Book Review: The Day the Revolution Began by N.T. Wright

By Calum Samuelson 16 Apr 2018

The Day the Revolution Began: Reconsidering the Meaning of Jesus’s Crucifixion

Since its publication in 2016, this book by N.T. Wright has had ample opportunity to both encourage and frustrate many Christians. Both reactions are understandable and justified. Many excellent reviews have already addressed important factors in this work such as Wright’s exegesis, caricatures and (updated) eschatology. Consequently, this review will focus on two positive elements which seem particularly relevant for supporters of the Jubilee Centre and Relational Thinking. Before that, however, a few general criticisms are necessary.

First, this book suffers from verbiage, repetitive arguments and distracting parenthetical remarks, which make it longer and more complicated than it needs to be. More significant in the mind of this reviewer, however, is a poor alignment of content with the purported popular audience. As others have noted, this book would probably not be a good introduction to the topics it discusses because of the way it so strongly reacts against specific and stereotyped characteristics of Protestantism. Still, there is legitimate reason to be concerned that it may become a de facto introduction for many young people with high regard for the author. Despite these limitations, two commendable features merit consideration here. The day the revolution began

The first is the way in which Wright emphasises the vital nature of narrative in the Bible, which resonates with the way Jonathan Burnside maintains the importance of narrative in understanding biblical law. In Wright’s mind, the main problem of the Protestant Church today is not so much an incorrect grasp of theology as a shallow, myopic one. In typical Wrightian fashion, he insists that we must draw on the long, rich history of Israel—involving vocation, covenant, exile and messianic expectations—to truly make sense of what Jesus did on the Cross. For those of us accustomed to concise doctrinal statements, Wright’s approach can initially feel somewhat overwhelming, but in the long run it equips us better to situate the vast riches of Scripture.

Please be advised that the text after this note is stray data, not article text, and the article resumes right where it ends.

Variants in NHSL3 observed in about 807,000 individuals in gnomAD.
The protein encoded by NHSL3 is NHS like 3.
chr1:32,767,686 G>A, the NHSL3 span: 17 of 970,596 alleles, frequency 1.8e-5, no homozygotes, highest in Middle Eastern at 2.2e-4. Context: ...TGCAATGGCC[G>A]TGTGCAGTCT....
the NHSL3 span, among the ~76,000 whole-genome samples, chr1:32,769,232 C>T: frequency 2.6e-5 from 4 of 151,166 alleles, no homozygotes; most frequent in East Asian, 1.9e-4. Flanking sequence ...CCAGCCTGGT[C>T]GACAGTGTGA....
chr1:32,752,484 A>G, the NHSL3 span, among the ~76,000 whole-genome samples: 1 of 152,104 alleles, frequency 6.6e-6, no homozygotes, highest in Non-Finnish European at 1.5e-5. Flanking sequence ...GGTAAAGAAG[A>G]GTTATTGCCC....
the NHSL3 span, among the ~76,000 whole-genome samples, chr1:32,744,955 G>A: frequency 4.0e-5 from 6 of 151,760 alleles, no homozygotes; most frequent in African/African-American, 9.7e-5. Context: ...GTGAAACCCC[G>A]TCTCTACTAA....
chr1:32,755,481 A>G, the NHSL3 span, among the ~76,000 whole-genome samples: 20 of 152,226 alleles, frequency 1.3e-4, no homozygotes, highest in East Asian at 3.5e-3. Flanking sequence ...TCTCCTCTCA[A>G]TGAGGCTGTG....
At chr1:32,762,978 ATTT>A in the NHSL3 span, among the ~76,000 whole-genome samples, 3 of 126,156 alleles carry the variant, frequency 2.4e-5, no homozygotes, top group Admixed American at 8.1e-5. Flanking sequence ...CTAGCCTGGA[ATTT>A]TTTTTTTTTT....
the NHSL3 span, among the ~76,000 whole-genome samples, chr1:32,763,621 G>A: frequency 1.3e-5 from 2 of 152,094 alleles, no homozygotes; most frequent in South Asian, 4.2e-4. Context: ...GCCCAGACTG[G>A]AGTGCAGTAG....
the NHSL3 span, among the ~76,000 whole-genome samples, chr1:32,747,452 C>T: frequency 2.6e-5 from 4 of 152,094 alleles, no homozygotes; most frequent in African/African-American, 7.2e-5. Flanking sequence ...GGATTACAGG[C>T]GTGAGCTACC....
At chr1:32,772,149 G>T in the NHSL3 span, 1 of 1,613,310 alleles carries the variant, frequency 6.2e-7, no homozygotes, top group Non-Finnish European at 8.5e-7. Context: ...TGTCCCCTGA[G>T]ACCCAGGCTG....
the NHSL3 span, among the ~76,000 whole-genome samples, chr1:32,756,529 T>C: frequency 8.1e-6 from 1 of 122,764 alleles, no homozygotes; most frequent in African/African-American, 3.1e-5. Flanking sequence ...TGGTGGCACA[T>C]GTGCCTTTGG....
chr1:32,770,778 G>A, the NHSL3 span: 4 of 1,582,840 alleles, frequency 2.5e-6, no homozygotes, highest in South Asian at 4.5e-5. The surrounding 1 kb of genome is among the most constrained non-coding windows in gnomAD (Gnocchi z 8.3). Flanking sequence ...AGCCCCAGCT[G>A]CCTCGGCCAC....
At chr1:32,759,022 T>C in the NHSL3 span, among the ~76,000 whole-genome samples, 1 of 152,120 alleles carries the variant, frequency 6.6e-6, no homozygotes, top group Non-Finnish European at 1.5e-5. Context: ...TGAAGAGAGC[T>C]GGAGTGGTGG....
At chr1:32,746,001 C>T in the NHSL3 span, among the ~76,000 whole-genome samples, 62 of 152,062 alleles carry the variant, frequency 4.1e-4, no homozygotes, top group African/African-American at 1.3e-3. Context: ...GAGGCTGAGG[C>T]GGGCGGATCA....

Perhaps the most important benefit of this approach is the way it enables us to sidestep false dichotomies by holding in tension various shades of meaning within the grand portrait of God’s plan. Within the context of a narrative it becomes more natural to recognise sin as both a culpable choice and an enslaving power. The pressure to favour ‘Penal Substitution’ or ‘Christus Victor’ dissipates as we grasp the dynamic drama in which both models play a real, important role. The Gospels (traditionally seen to lack ‘atonement theories’) come alive as stories in which every detail acts as a carefully-curated piece to the ‘puzzle’ of Christ’s death. Wright’s interlaced explication on this theme (ch. 10) is superb.

It is precisely with a view to such a broader understanding that we come to a second commendable element of the book: conceptualising the righteousness of God. Wright has no intention whatsoever of dismissing the righteousness of God per se, but rather hopes to help readers conceive of this righteousness in a more organic, Jewish, relational way.

Wright famously translates the controversial Pauline phrase dikaiosynē theou (usually translated as ‘righteousness of God’; cf. Rom. 3:21-26) as ‘God’s covenant faithfulness’, which in the present book maps neatly onto God’s behaviour in the carefully considered metanarrative of Israel. This translation eschews abstract, Platonic notions of divinity whilst firmly cementing our perception of God in a relational context—the best way to understand God’s righteousness is through his interactions with his people. What is more, the ‘covenant faithfulness’ has a sort of double relational sense as it is through this intimate covenant that God extends his personal love to the rest of the world. Israel, then, is called to nurture relationships with the rest of the world as a part of its covenantal relationship with God. Indeed, one wonders if Wright’s translation may be advantageous for Christians wishing to highlight the relational components of Scripture.

In conclusion, this book can be recommended (with reservation) for the way it exhorts Christians towards a holistic, integrated grasp of the biblical narrative. It is ironic that some who criticise the book do so on the basis that it lacks a clear, pithy ‘take-away’—which is precisely the type of mind-set Wright is urging us to move beyond. Still, this is hardly Wright’s best publication. Readers wishing to digest Wright’s intricate arguments on justification and atonement will likely find his academic articles more useful than this slow, meandering ‘popular’ work. Additionally, those unfamiliar with the typical Wrightian agenda surrounding a bodily, Jewish understanding of mission and vocation would be better off reading more focused books such as The Challenge of Jesus.

This review was first published in the April 2018 edition of our Engage News Magazine.

Share this post on your network

Leave a reply

All viewpoints are welcome, but please be constructive and positive in your engagement. Your email address will not be published.



Surveillance Capitalism: the hidden costs of the digital revolution

Jonathan Ebsworth, Samuel Johns and Mike Dodson examine the business model called "Surveillance Capitalism" and demonstrate its intrinsic dependence on deception, addiction and exploitation. They also suggest practical responses that individuals and communities can take to face these challenges with hope and assurance. 

Download the paper